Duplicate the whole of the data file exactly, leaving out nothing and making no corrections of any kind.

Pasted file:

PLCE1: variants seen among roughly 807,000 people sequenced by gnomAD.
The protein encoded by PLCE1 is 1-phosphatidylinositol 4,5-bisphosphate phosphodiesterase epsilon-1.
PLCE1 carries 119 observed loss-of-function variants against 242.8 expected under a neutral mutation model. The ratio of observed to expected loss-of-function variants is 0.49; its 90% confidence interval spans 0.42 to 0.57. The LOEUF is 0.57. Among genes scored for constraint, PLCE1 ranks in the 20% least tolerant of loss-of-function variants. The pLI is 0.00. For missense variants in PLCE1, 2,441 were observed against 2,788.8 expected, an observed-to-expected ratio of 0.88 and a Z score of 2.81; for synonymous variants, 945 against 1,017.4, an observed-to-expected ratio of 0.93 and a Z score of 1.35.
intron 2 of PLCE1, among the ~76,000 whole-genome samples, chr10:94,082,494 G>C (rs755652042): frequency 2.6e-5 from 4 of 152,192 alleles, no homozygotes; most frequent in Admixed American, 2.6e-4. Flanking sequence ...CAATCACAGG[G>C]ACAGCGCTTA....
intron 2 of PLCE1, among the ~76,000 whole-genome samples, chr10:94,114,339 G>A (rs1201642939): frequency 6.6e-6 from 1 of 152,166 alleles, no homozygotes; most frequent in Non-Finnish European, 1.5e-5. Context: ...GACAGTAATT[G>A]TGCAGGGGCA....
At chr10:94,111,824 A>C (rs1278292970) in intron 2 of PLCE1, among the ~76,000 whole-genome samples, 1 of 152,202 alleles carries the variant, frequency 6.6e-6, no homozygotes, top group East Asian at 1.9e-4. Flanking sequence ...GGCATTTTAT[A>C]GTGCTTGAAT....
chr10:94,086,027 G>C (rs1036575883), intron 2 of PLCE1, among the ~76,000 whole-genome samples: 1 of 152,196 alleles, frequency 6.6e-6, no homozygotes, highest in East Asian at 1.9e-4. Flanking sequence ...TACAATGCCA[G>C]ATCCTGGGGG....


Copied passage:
PLCE1: variants seen among roughly 807,000 people sequenced by gnomAD.
The protein encoded by PLCE1 is 1-phosphatidylinositol 4,5-bisphosphate phosphodiesterase epsilon-1.
PLCE1 carries 119 observed loss-of-function variants against 242.8 expected under a neutral mutation model. The ratio of observed to expected loss-of-function variants is 0.49; its 90% confidence interval spans 0.42 to 0.57. The LOEUF is 0.57. Among genes scored for constraint, PLCE1 ranks in the 20% least tolerant of loss-of-function variants. The pLI is 0.00. For missense variants in PLCE1, 2,441 were observed against 2,788.8 expected, an observed-to-expected ratio of 0.88 and a Z score of 2.81; for synonymous variants, 945 against 1,017.4, an observed-to-expected ratio of 0.93 and a Z score of 1.35.
intron 2 of PLCE1, among the ~76,000 whole-genome samples, chr10:94,082,494 G>C (rs755652042): frequency 2.6e-5 from 4 of 152,192 alleles, no homozygotes; most frequent in Admixed American, 2.6e-4. Flanking sequence ...CAATCACAGG[G>C]ACAGCGCTTA....
intron 2 of PLCE1, among the ~76,000 whole-genome samples, chr10:94,114,339 G>A (rs1201642939): frequency 6.6e-6 from 1 of 152,166 alleles, no homozygotes; most frequent in Non-Finnish European, 1.5e-5. Context: ...GACAGTAATT[G>A]TGCAGGGGCA....
At chr10:94,111,824 A>C (rs1278292970) in intron 2 of PLCE1, among the ~76,000 whole-genome samples, 1 of 152,202 alleles carries the variant, frequency 6.6e-6, no homozygotes, top group East Asian at 1.9e-4. Flanking sequence ...GGCATTTTAT[A>C]GTGCTTGAAT....
chr10:94,086,027 G>C (rs1036575883), intron 2 of PLCE1, among the ~76,000 whole-genome samples: 1 of 152,196 alleles, frequency 6.6e-6, no homozygotes, highest in East Asian at 1.9e-4. Flanking sequence ...TACAATGCCA[G>C]ATCCTGGGGG....